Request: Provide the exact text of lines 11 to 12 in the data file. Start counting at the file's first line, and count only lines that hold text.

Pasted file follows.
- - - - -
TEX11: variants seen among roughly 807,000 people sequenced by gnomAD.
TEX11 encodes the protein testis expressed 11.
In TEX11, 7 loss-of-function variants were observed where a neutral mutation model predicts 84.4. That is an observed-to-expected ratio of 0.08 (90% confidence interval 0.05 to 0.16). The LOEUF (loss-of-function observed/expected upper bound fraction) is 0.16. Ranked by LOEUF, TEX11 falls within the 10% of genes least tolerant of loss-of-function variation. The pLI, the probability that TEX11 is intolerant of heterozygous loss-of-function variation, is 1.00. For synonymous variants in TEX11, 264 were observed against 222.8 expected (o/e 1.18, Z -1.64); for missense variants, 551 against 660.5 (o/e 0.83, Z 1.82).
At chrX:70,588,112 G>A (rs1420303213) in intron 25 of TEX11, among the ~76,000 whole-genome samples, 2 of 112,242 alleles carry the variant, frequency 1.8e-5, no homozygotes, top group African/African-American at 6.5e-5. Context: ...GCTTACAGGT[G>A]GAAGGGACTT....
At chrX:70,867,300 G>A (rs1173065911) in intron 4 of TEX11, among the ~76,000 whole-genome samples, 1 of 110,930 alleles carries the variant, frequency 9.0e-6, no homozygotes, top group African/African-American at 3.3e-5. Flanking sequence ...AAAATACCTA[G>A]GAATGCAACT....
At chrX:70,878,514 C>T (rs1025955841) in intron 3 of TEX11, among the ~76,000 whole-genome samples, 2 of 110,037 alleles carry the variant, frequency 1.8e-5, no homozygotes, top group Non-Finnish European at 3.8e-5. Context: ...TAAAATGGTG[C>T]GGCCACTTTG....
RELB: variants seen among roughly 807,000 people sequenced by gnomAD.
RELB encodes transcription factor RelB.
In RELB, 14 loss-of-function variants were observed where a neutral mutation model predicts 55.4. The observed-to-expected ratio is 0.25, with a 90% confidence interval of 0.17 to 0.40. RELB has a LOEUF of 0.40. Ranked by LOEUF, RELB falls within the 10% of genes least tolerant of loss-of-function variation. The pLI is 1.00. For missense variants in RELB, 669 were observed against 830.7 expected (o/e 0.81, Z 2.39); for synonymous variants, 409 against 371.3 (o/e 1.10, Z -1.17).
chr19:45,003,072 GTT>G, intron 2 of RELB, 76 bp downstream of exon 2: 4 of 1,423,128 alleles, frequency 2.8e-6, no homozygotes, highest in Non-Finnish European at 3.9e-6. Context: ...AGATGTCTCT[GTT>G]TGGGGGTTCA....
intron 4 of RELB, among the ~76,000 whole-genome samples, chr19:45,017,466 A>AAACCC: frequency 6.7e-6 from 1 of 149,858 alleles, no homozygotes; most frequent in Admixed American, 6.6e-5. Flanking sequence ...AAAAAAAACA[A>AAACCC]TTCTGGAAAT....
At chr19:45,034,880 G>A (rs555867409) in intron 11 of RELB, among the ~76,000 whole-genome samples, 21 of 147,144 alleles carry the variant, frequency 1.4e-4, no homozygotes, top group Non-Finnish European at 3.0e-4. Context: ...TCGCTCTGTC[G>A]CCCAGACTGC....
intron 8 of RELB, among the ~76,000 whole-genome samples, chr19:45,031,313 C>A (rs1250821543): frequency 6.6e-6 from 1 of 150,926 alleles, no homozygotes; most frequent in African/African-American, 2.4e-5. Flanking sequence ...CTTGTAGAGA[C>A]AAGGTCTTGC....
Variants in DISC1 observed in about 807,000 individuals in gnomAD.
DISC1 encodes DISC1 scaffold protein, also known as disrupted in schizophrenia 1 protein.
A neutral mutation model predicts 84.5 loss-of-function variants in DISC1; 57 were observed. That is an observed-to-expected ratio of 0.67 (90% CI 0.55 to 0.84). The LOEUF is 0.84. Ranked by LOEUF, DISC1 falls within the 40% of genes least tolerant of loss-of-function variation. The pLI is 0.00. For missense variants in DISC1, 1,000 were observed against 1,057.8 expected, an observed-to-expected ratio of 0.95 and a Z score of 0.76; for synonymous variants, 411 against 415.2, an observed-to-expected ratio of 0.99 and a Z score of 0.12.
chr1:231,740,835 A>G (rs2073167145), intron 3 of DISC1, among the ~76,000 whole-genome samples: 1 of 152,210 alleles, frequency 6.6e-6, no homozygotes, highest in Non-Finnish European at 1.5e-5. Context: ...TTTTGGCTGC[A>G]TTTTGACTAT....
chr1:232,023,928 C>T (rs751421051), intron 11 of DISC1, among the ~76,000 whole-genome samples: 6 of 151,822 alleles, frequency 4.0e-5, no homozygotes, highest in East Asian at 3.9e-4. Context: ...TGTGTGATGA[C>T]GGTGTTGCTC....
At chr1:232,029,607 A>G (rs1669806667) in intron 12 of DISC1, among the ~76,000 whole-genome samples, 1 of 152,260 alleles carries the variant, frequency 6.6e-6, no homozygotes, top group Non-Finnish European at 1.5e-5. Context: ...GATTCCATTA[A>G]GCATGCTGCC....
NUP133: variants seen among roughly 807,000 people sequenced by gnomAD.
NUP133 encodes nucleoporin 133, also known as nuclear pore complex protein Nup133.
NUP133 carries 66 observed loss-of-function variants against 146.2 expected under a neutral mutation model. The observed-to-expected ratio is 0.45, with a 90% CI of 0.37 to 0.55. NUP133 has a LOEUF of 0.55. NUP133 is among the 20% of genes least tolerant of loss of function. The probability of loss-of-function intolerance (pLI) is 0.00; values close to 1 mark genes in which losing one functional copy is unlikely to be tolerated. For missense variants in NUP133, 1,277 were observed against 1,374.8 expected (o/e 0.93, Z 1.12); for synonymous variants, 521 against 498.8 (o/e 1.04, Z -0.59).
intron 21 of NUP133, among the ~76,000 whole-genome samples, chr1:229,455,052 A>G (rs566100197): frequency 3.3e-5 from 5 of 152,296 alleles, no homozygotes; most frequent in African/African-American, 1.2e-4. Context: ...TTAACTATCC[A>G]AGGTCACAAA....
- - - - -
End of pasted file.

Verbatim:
intron 4 of RELB, among the ~76,000 whole-genome samples, chr19:45,017,466 A>AAACCC: frequency 6.7e-6 from 1 of 149,858 alleles, no homozygotes; most frequent in Admixed American, 6.6e-5. Flanking sequence ...AAAAAAAACA[A>AAACCC]TTCTGGAAAT....
At chr19:45,034,880 G>A (rs555867409) in intron 11 of RELB, among the ~76,000 whole-genome samples, 21 of 147,144 alleles carry the variant, frequency 1.4e-4, no homozygotes, top group Non-Finnish European at 3.0e-4. Context: ...TCGCTCTGTC[G>A]CCCAGACTGC....